Donald Trump’s spontaneous threat to impose huge tariffs on steel and aluminum smacks of the kind of nationalism that appeals to his base. It’s another campaign promise, like the border wall, that he runs to when things get hot in the Oval Office. And last week was downright blistering in Washington.
It included this classic Trumpism: Actual experts on the economy who lean to tariffs as an easy fix — a minority, to be sure — had bandied about a 24 percent tariff on imported steel. Trump changed that to 25 percent because, he said, it’s an even number.
The immediate reaction to Trump’s announcement was met with retaliatory threats from Europe of similar tariffs on Harley-Davidson motorcycles, bourbon whiskey and blue jeans. And nothing says America like Harleys, bourbon and blue jeans.
It might come to a surprise to no one that Trump is schedule to speak next week in former Big Steel country. He will campaign for Republican Rep. Rick Saccone, a candidate for the 18th District special congressional election in Pennsylvania on March 13. The seat was vacated by married pro-life politician Rep. Tim Murphy, who was involved in a sex scandal and then asked his girlfriend to have an abortion.
Another eyebrow-raising event coincided with Trump’s announcement: A regulatory filing disclosed, longtime friend and former presidential adviser Carl Icahn dumped $31.1 million in shares last week in a Wisconsin company that relies heavily on steel to make its products.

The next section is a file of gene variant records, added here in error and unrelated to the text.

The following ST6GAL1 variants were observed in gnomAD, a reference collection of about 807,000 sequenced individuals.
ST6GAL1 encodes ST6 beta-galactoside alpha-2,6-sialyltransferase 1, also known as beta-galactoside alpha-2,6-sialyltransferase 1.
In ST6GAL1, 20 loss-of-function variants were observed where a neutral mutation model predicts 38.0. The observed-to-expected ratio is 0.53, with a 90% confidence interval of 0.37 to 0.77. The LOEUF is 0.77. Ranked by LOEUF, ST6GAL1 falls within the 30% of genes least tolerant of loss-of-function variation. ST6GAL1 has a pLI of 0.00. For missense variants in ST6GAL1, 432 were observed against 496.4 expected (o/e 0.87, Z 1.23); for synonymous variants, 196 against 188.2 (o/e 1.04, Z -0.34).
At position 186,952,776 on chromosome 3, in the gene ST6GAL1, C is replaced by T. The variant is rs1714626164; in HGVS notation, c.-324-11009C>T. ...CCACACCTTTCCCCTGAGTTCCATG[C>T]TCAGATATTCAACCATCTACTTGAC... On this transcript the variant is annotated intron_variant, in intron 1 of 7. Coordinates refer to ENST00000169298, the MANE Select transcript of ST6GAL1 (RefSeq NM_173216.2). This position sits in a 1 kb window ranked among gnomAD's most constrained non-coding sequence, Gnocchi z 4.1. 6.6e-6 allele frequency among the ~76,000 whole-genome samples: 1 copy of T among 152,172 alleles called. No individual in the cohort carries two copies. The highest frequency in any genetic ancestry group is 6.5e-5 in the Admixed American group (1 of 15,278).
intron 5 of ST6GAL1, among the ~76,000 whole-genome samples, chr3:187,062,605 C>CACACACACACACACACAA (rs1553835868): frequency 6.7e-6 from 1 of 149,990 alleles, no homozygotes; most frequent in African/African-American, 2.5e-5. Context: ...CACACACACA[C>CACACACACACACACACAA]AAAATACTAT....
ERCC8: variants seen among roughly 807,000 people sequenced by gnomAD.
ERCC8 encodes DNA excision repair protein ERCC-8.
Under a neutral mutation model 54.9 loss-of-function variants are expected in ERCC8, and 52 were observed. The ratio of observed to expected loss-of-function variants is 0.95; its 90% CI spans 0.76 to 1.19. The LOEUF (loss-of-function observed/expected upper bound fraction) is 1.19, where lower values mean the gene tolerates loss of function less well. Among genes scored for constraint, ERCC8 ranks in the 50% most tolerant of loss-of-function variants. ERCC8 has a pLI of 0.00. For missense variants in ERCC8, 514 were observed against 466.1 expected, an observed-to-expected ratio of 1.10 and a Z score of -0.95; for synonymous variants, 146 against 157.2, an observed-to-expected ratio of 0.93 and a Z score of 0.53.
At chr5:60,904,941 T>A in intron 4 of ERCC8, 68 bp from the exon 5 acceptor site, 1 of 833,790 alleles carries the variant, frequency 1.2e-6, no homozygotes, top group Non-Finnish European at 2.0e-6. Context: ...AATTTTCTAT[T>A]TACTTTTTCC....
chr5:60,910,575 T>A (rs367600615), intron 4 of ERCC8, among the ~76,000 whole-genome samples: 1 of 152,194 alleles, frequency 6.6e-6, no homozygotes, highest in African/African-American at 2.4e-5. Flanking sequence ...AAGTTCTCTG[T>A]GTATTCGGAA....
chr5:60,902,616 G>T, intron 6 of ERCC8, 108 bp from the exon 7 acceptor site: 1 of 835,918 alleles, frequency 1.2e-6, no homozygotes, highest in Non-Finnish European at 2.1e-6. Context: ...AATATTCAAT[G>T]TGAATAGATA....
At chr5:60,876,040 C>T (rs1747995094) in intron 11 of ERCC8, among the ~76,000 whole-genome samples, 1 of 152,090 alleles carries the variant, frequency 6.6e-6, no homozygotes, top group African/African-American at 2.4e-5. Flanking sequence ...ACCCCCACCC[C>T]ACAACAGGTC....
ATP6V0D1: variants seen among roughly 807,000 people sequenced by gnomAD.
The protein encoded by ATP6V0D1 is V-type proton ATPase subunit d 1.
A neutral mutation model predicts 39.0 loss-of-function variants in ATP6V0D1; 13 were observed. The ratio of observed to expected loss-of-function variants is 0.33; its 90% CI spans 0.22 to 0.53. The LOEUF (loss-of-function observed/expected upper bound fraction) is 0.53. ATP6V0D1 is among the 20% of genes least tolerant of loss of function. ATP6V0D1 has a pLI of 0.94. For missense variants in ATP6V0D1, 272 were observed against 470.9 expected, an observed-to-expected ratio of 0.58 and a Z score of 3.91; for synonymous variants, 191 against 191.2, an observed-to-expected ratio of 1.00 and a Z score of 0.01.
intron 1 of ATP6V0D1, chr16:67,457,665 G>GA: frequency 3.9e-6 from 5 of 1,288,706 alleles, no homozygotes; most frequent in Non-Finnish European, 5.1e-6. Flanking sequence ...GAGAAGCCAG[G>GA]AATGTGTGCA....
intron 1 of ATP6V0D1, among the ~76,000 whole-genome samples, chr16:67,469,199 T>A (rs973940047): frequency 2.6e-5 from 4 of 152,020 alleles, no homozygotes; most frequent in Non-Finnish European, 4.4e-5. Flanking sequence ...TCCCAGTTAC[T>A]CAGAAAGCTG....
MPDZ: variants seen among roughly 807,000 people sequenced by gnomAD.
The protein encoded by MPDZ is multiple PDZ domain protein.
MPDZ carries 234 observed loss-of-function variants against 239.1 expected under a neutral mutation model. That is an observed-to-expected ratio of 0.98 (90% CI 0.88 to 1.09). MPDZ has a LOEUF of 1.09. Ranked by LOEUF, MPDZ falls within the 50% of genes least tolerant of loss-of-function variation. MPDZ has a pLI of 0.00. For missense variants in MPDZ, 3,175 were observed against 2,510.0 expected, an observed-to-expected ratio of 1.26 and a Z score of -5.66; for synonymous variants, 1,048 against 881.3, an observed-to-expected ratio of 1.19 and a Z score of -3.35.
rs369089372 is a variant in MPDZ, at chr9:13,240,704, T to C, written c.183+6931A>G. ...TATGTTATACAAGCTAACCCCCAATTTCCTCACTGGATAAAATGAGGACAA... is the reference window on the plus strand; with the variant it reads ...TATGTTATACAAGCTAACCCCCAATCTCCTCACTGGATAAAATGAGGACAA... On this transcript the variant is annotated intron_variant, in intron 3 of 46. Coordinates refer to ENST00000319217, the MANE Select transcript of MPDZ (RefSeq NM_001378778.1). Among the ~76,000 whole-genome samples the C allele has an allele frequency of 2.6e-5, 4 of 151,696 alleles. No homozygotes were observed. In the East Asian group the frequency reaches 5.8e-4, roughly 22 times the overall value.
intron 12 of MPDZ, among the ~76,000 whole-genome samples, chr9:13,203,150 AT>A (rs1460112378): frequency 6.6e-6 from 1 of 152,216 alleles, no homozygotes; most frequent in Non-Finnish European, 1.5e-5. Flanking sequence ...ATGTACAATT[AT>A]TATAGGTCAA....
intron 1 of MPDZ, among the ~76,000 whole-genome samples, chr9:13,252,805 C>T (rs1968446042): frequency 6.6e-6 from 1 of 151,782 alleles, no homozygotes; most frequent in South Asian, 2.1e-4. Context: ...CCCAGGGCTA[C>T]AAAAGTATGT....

The Trump administration sent Commerce Secretary Wilbur Ross on television news shows to promote the tariff threat. The 80-year-old billionaire, who is reported to nap during meetings, held up a Campbell Soup can to explain how this action would not threaten the pocketbooks of Americans. One wonders how many cans of chicken soup Ross enjoys.
For its part, Campbell Soup was not amused. “Any new broad-based tariffs on imported tin plate steel — an insufficient amount of which is produced in the U.S. — will result in higher prices on one of the safest and more affordable parts of the food supply,” the company told CNBC.
Sweden’s Electrolux, Europe’s largest home appliance maker, said the tariff could damage its business competitiveness in the United States. It said it would delay a planned $250 million investment in its Tennessee plant.
Trump campaigned as a businessman, but a market-disrupting move like a trade war defies his intellectual capacity. The Bronx-born real estate developer seems to have little acumen for global trade.